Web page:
Bnei Yisrael are adjusting to life as Hashem’s subjects. Within a short period of time from the acceptance of the Torah, Hashem has assembled Bnei Yisrael, counted them, and given the blueprint for how they are to function. In Parashat Naso, Hashem continues with the establishment of His people.
The Torah tells us of the complex Halachot regarding a Sotah, the unfaithful wife suspected of adultery. The Torah lists the long process, including suspicion, warning, trial, and verdict. When introducing this section, the Torah states, “UMaalah Vo Maal,” “And she (the Sotah) commits a trespass against him (her husband)” (BeMidbar 5:12). The words “UMaalah” and “Maal” have the same root as “Me’ilah,” the name of the sin of using a utensil for mundane activities after it had been sanctified for the Beit HaMikdash. The Torah correlates these words to teach a lesson. When a man and a woman are together, they have the potential to create another Jew to be an Eved Hashem. This means that every person has a body which has the potential to serve and create in the name of Hashem. If, however, a one misuses his or her body in order to gain only physical pleasure, he or she is taking a sanctified object and using it for mundane purposes. This is the same sin as Me’ilah.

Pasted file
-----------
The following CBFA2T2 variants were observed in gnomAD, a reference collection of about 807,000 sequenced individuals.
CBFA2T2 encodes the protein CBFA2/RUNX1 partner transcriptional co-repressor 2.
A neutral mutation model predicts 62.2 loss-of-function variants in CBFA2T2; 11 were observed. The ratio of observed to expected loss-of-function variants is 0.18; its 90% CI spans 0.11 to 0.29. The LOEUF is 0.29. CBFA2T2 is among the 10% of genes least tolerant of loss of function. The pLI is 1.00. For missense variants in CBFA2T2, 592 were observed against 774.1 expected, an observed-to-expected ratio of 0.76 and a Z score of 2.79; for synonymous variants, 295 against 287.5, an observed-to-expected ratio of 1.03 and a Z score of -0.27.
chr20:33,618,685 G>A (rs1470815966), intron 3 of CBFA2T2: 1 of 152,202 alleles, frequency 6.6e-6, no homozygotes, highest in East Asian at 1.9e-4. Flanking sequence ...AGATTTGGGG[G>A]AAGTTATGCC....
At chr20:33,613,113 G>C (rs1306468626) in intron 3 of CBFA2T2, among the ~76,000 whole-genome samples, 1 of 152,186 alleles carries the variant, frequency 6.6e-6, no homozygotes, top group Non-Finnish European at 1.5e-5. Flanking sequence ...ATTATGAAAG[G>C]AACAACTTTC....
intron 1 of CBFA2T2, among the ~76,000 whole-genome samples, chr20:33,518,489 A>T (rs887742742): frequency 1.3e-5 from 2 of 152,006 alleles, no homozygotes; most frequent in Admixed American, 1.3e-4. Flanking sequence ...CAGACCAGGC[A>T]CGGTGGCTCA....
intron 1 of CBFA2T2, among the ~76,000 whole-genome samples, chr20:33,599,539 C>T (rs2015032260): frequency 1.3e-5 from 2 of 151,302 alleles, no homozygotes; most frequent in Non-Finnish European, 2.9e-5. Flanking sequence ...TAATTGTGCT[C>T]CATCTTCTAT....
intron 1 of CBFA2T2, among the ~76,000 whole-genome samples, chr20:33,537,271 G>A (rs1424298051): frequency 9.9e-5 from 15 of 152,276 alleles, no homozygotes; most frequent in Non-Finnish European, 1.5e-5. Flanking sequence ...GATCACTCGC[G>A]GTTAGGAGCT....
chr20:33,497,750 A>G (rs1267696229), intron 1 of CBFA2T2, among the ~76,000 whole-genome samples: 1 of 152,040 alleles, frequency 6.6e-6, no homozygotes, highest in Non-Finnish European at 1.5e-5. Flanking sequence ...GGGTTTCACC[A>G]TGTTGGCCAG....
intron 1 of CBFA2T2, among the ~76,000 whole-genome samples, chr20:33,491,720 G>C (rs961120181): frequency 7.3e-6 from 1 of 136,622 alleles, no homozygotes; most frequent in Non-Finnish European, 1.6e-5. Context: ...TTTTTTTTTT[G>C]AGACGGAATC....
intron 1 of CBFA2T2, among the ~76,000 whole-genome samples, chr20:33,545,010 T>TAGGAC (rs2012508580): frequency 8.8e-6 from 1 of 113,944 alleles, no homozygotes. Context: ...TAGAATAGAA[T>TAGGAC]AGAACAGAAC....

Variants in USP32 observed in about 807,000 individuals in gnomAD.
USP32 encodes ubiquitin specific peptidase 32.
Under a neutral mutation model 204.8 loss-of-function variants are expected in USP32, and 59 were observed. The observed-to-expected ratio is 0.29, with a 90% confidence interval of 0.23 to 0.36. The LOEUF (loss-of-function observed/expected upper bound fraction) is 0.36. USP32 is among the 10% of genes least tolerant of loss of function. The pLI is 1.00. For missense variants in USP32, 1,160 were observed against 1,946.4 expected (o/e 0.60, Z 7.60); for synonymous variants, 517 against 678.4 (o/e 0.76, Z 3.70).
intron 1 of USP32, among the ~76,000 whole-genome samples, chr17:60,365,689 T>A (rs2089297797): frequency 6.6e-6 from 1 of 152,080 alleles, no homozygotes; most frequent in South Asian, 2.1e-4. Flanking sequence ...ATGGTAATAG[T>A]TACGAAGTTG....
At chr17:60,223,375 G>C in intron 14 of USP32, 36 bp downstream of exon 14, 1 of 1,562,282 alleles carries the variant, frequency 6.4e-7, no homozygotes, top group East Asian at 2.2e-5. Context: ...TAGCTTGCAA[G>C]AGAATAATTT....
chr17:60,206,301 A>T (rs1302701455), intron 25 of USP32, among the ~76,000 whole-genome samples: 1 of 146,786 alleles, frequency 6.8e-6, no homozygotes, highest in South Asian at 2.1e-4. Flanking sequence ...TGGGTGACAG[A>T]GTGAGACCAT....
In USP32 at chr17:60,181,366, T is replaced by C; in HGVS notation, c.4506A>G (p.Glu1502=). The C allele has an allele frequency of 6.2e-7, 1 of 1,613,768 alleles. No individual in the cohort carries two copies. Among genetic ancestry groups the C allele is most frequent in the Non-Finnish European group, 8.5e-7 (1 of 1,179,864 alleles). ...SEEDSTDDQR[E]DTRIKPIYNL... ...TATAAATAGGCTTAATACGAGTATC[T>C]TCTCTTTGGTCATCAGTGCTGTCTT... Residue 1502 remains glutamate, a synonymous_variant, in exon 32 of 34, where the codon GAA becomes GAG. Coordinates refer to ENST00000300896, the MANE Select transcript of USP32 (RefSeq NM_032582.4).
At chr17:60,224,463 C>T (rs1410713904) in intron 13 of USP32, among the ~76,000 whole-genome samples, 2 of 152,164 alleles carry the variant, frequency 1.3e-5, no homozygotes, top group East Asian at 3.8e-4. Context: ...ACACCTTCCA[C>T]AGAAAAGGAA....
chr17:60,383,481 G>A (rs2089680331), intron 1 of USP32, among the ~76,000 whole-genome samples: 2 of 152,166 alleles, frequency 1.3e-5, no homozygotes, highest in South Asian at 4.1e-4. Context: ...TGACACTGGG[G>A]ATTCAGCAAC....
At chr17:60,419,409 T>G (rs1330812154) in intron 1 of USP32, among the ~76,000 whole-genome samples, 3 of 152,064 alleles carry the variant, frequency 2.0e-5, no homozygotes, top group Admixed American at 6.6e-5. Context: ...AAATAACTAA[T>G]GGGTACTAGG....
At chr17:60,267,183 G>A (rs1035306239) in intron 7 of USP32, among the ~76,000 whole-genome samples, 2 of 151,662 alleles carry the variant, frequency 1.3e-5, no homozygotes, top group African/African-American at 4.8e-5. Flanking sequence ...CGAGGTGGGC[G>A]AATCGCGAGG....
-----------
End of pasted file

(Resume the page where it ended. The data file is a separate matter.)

In contrast, the Torah mentions the unusual Halachot of the Nazir immediately afterwards to show the other extreme. A Nazir vows to Hashem that he will forego physical pleasures such as wine and haircuts in order to further connect himself to Hashem. There is a major dispute among commentators to Tanach if being a Nazir is regarded as positive or negative. That aside, the Torah compares these two extreme cases to display the vast potential in each person.
Although it is not necessary to be so extreme that one is a Nazir, it is very important to stay far away from giving into one’s temptations and becoming like the Sotah. We have the potential to become true Avdei Hashem, and Hashem has given us both material and spiritual ways to make ourselves closer to Him.